Relevant and Recent Research from the folks at the Center for Engaging Autism.
If you know what DSM-V means, then you’re a lot more informed than I was when I first stepped into the world of autism. So the debate about the proposed changes to the Diagnostic and Statistical Manual of Mental Disorders (DSM) may be a little more than you can digest right now. But we think it’s important for parents to understand how this change may affect their child. And it certainly affects the diagnosis your child will receive after May 2013.
Quick primer on the DSM
- It’s the manual used by clinicians to diagnose mental health conditions.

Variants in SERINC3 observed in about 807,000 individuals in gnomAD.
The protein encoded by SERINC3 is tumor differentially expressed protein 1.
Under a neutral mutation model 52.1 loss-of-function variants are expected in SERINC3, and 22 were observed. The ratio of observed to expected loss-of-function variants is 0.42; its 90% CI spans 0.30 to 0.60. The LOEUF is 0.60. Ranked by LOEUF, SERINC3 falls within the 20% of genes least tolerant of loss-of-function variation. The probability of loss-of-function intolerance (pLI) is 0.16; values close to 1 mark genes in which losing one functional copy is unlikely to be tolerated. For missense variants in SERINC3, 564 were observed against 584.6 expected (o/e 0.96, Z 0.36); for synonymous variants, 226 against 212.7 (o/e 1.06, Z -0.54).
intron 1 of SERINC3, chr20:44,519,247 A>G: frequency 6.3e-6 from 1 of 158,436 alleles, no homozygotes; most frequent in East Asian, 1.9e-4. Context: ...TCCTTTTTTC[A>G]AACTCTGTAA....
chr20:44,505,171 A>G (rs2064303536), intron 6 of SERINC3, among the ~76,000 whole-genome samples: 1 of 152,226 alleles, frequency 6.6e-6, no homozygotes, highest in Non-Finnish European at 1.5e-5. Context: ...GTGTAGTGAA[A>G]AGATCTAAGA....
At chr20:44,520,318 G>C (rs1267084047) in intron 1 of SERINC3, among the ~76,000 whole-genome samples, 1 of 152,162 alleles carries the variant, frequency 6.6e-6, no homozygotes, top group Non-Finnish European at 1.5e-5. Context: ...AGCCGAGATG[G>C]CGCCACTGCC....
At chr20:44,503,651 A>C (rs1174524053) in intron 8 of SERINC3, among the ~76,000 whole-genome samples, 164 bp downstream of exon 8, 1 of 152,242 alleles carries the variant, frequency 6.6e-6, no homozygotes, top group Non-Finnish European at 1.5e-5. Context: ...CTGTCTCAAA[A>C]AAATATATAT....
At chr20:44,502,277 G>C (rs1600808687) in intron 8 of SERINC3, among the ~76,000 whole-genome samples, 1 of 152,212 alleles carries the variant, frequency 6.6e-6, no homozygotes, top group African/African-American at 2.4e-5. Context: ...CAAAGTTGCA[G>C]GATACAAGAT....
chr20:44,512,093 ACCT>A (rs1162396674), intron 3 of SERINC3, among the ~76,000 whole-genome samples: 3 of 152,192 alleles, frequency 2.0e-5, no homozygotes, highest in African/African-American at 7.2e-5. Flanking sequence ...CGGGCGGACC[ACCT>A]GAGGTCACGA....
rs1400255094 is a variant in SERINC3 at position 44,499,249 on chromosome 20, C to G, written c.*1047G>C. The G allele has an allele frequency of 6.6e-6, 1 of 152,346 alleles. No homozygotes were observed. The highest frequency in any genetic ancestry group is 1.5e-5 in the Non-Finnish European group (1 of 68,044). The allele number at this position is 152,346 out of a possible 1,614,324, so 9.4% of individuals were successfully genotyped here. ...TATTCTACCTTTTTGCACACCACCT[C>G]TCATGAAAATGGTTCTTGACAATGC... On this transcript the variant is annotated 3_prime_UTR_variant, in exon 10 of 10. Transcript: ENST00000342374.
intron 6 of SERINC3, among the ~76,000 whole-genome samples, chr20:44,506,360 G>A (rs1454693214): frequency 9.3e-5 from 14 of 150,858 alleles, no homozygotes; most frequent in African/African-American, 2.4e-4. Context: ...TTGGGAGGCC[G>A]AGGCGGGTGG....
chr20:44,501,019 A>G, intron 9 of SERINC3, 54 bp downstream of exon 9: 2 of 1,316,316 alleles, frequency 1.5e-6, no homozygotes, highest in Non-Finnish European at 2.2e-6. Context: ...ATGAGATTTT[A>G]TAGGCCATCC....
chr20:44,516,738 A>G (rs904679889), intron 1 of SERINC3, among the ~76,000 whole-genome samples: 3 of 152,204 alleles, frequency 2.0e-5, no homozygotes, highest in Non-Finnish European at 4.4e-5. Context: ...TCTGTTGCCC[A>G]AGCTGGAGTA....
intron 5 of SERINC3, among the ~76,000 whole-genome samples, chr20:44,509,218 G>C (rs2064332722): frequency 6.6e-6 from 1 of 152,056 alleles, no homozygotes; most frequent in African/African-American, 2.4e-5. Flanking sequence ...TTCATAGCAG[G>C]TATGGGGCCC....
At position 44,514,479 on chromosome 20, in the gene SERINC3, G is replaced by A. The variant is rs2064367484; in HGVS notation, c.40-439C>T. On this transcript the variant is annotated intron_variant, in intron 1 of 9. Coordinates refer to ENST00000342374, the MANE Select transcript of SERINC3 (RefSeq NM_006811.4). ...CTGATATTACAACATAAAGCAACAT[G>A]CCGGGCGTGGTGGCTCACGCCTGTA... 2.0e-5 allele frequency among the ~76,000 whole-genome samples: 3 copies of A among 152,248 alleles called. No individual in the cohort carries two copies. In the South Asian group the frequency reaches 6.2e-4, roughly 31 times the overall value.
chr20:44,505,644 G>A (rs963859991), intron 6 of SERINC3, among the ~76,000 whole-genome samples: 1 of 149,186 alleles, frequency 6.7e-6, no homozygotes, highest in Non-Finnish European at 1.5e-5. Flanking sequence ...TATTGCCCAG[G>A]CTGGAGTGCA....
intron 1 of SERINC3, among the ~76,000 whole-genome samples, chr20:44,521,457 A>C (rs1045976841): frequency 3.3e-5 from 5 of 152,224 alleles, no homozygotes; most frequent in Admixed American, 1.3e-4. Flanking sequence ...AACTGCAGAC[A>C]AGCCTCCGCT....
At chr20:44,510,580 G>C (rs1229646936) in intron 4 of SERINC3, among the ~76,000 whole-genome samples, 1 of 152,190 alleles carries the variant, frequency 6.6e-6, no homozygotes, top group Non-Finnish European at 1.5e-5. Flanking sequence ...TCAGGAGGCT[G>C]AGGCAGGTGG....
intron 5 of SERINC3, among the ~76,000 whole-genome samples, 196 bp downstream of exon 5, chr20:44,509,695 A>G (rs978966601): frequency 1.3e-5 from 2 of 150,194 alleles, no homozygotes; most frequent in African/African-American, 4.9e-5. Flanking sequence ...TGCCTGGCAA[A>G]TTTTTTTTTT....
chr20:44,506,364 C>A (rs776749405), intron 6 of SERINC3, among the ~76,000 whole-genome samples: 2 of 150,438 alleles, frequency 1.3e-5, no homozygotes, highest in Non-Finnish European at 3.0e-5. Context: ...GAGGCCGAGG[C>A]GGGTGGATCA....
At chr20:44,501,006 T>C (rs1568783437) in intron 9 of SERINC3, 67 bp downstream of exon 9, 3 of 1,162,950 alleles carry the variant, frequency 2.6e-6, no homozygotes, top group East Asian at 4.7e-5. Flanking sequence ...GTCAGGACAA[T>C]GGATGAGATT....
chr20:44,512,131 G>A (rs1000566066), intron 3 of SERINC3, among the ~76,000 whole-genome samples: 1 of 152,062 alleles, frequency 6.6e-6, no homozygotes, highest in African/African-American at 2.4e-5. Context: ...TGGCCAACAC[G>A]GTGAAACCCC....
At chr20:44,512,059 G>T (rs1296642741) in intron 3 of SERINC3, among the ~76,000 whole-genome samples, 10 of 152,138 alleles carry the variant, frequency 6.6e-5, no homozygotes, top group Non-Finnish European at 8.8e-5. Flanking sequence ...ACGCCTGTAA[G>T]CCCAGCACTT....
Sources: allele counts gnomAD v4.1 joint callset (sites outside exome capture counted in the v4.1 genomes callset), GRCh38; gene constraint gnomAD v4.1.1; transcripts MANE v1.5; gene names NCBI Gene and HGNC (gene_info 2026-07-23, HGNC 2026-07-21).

- It establishes the criteria for an autism diagnosis, medically.
- There used to be many diagnoses that fell under the Autism Spectrum Disorders umbrella – Asperger Syndrome, Autism, PDD-NOS, etc.
Simply, the proposed changes to the DSM will collect all of these diagnoses into one called Autism Spectrum Disorder (ASD). There is much more detail involved, including core deficits within defined categories which qualify an individual for an ASD diagnosis. Those details are explained here.